Colorado Public Works Journal, Summer 2022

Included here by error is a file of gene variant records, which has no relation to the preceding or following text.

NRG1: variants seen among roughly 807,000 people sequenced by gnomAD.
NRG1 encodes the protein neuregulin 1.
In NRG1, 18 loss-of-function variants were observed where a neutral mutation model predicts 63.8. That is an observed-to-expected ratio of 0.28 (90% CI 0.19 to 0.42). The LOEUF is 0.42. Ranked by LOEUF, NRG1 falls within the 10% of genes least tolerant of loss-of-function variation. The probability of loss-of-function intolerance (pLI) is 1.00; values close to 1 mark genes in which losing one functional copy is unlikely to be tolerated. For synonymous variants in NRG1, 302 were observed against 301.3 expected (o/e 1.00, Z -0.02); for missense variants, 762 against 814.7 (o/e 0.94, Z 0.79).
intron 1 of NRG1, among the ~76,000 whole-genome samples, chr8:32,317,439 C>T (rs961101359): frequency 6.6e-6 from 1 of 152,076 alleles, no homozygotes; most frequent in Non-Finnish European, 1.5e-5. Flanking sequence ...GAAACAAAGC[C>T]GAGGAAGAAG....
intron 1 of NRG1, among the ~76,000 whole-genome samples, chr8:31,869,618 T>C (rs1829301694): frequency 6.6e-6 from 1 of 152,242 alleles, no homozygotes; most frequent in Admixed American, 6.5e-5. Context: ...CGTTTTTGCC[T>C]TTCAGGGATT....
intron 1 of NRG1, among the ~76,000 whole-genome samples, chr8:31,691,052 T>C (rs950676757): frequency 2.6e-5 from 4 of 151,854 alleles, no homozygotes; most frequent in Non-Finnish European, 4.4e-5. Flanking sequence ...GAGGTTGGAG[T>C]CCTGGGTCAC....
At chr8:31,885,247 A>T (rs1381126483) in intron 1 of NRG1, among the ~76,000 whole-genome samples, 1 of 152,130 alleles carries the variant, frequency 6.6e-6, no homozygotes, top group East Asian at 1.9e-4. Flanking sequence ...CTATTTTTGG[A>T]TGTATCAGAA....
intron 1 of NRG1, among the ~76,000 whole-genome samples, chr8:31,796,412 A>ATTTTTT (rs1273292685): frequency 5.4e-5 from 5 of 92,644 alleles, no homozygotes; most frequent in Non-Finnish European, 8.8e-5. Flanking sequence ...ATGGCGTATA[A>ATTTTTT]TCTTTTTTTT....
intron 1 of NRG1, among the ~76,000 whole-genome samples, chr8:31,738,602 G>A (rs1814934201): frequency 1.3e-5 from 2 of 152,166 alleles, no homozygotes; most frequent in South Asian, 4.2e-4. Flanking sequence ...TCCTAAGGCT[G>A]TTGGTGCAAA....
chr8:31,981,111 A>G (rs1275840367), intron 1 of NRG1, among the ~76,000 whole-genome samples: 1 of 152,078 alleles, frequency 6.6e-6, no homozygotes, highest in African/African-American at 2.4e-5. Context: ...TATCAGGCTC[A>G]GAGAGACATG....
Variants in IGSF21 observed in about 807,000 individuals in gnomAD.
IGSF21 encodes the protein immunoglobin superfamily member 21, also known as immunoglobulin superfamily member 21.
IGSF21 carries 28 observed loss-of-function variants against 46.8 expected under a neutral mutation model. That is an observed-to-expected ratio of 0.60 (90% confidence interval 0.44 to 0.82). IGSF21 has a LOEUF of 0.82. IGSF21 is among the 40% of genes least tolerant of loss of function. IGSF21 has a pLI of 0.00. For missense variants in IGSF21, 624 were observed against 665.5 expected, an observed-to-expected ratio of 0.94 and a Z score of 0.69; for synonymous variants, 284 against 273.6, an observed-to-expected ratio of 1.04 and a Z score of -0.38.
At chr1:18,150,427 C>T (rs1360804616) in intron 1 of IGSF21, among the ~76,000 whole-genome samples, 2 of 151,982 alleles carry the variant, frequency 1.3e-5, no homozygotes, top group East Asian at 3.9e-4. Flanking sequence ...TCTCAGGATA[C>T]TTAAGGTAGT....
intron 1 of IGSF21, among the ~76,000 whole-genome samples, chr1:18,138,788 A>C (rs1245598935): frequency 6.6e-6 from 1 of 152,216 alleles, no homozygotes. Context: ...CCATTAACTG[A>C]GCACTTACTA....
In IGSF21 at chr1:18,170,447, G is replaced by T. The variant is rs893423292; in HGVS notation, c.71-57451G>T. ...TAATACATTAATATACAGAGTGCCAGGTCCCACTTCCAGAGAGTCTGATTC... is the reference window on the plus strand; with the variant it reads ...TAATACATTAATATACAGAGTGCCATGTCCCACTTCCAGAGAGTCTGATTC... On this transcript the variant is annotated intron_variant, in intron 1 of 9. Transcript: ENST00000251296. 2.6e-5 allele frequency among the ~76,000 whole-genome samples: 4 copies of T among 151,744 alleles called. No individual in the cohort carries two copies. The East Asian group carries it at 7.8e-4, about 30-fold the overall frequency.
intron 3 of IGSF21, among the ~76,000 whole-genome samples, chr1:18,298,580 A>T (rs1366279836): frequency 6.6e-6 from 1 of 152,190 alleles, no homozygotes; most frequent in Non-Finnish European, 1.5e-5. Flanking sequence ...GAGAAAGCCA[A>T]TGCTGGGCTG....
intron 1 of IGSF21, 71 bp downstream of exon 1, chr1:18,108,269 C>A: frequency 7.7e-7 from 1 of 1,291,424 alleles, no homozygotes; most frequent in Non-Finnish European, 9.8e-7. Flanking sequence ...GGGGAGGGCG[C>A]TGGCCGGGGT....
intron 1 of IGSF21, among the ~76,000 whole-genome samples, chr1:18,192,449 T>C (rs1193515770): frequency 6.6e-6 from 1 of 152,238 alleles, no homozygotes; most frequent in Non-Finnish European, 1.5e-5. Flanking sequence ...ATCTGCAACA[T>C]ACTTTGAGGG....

62| ColoradoPublic Works Journal CDOT Lisa Schwantes A newly completed wildlife mitigation project in southwest Colorado is the result of extraordinary collaboration among state and tribal agencies, as well as private organizations. The project built several wildlife safety features on U.S. Highway 160 between Durango and Pagosa Springs that will promote safer travel for motorists, enhance safer movement of wildlife, and reduce wildlife-vehicle collisions along this section of highway. Partnership agencies include the Colorado Department of Transportation, Colorado Parks and Wildlife, Southern Ute Indian Tribe, National Fish and Wildlife Foundation, Mule Deer Foundation, Rocky Mountain Elk Foundation, and the Colorado Wildlife Transportation Alliance. “CDOT is extremely grateful for the phenomenal partnerships that have made this project feasible,” said Tony Cady, CDOT Planning and Environmental Manager for southwest Colorado. “These partnerships greatly leverage the individual contributions made by these different entities and will increase the return on our investments.” Not only did the agencies and organizations come forward with valuable funding commitments, but some agencies also contributed with studies, research, and development plans to make the project possible. For example, the Southern Ute Indian Tribe provided critical biological information to help design the project. “Hunting is an extremely important component to Southern Ute culture, and it is vital to keep these traditions alive," said Steve Whiteman, tribal wildlife division head. "The Tribe has long maintained a positive working relationship with the state of Colorado and was pleased with the collaboration to bring this important project into reality.” Meanwhile CPW experts identified the project location as an important area in the San Juan Basin for big game movements. Deer and elk herds cross the highway at this project location, moving to their range areas in the high country during the summer and to low grasslands in the winter. This big game corridor is a contributing factor to the fact that 60% of all crashes in the project area are attributed to wildlife-vehicle collisions. Without treatment, these numbers were expected to grow as wildlife-vehicle collisions continue to show an increasing trend since 2012. The project’s wildlife mitigation features can greatly enhance the safety along this stretch of highway for both motorists and wild animals and are expected to reduce those wildlife-vehicle collisions by at least 85%. The project spans approximately two miles and includes a wildlife underpass structure, a wildlife overpass structure, 8-foot-tall exclusion fencing along both sides of the highway, earthen escape ramps and deer guards at access points. The two-mile stretch of highway was newly resurfaced and included the extension of the passing lane and an acceleration lane at the CO Highway 151 junction. The two-season construction project was awarded to Ralph L. Wadsworth Construction Co. of Utah for $8 million, while the total cost of the project is estimated at approximately $11.3 million, including design and planning. CDOT has built more than 60 wildlife mitigation structures that cross above or under highways throughout Colorado. Additionally, almost 500 miles of high big game fencing has been installed along state and U.S. highways or next to the interstates. Lisa Schwantes, CDOT Southwest Colorado Regional Communications Manager and can be reaced at lisa.schwantes@state.co.us Partnership project for wildlife crossings will make U.S. Highway 160 safer for drivers and animals

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